Page 76 - Gay Pioneers: How Drummer Shaped Gay Popular Culture 1965-1999
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58       Gay Pioneers: How Drummer Shaped Gay Popular Culture 1965-1999

            relationship. The wedding was performed by the Catholic priest, Jim Kane,
            the nationally popular leatherman who was four times featured in Drummer:
               1. in two stories by our mutual friend, Sam Steward aka Phil Andros:
            “Babysitter” (Drummer 5) and “Many Happy Returns” (Drummer 6);
               2. in one photo feature “Dungeons of San Francisco” (Drummer 17);
               3. as “Frank Cross” in my feature article “The Janus Society” (Drummer
               In my zero degrees of separation within Drummer, I should disclose that
            from 1968-1972 I had an S&M affair with my lifelong friend, the Reverend
            Jim Kane, who also in 1970-1971 commissioned and published my media
            columns, such as “The Chicago Seven” and “You’re in the Midst of the Second
            American Revolution,” in his monthly Catholic newspaper Dateline Colorado
            (Colorado Springs), for which he was priest-editor. Through Kane, I met Sam
            Steward/Phil Andros whose stories I agented and produced for Drummer 5
            and 6. Seeing how much in love the Sparrow and I were, Kane, feeling a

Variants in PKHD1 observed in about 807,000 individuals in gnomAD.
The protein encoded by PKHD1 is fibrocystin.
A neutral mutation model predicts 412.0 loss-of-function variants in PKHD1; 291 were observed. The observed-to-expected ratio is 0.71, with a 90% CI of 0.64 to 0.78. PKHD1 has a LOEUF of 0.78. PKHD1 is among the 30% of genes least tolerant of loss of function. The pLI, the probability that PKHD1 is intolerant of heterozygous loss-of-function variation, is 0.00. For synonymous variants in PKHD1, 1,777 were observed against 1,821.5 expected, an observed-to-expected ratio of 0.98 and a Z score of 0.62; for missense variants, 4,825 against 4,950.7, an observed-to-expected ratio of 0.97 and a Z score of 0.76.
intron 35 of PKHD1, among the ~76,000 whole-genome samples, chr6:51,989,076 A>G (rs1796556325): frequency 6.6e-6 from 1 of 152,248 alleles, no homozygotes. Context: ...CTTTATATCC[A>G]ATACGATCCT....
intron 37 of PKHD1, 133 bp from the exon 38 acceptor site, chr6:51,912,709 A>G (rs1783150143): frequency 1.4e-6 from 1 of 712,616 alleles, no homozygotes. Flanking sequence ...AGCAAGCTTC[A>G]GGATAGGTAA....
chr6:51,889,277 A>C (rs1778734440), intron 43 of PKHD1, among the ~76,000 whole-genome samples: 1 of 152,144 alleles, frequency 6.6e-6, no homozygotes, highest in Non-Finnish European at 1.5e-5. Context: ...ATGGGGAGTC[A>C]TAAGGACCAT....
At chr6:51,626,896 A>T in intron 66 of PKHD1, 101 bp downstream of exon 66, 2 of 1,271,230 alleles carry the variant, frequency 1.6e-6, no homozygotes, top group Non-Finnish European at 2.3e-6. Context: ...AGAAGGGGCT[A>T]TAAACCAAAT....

tad jealous, began actively to seek his own lover. In that hunt, I was Kane’s
            “advisor” during his difficult year-long courtship of former football player,
            Ike Barnes, as chronicled in dozens of his signed and archived letters to me.

               February 2, 1971. Dear Jackanddave [sic], The razor strop you sent
               [as a gift] is great...plan to use shortly on Ike Barnes, my new m
               from N.Y. state...1959 Rose Bowl half-back for Ohio State...mus-
               cled, and out of his gourd on my style....—Jim

               In San Francisco, during 1971 and 1972, the Fritscher-Sparrow duo
            were house mates with the newly partnered Kane-Barnes duo in a flat owned
            by Anthony (Tony) Perles at 4131 19th Street, four doors from 19  and
            Castro Streets. Perles was the author of The Peoples’ Railway: History of the
            San Francisco Muni (1980); when he was unemployed in 1978, I hired him
            on my staff when I managed the proposals department at Kaiser Engineers,
            where I also hired John Trojanski, a fellow seminarian, whom I groomed as
            a Drummer writer and photographer in Drummer 25, “In the Habit: Sex in
            the Seminary,” December 1978. After Drummer, when I was seconded from
            Kaiser Engineers to manage the writing for the San Francisco Municipal
            Railway’s Muni Metro Light Rail Vehicle Startup Program, I hired another
            writer, a man-about-town known publicly as Roger of San Francisco who
            soon after began his ball-busting S&M company, Shotgun Video.
               At the San Francisco Municipal Railway, I quickly learned that Muni
            at that time was rather much managed by a dedicated infrastructure of

              ©Jack Fritscher, Ph.D., All Rights Reserved—posted 03-16-2017
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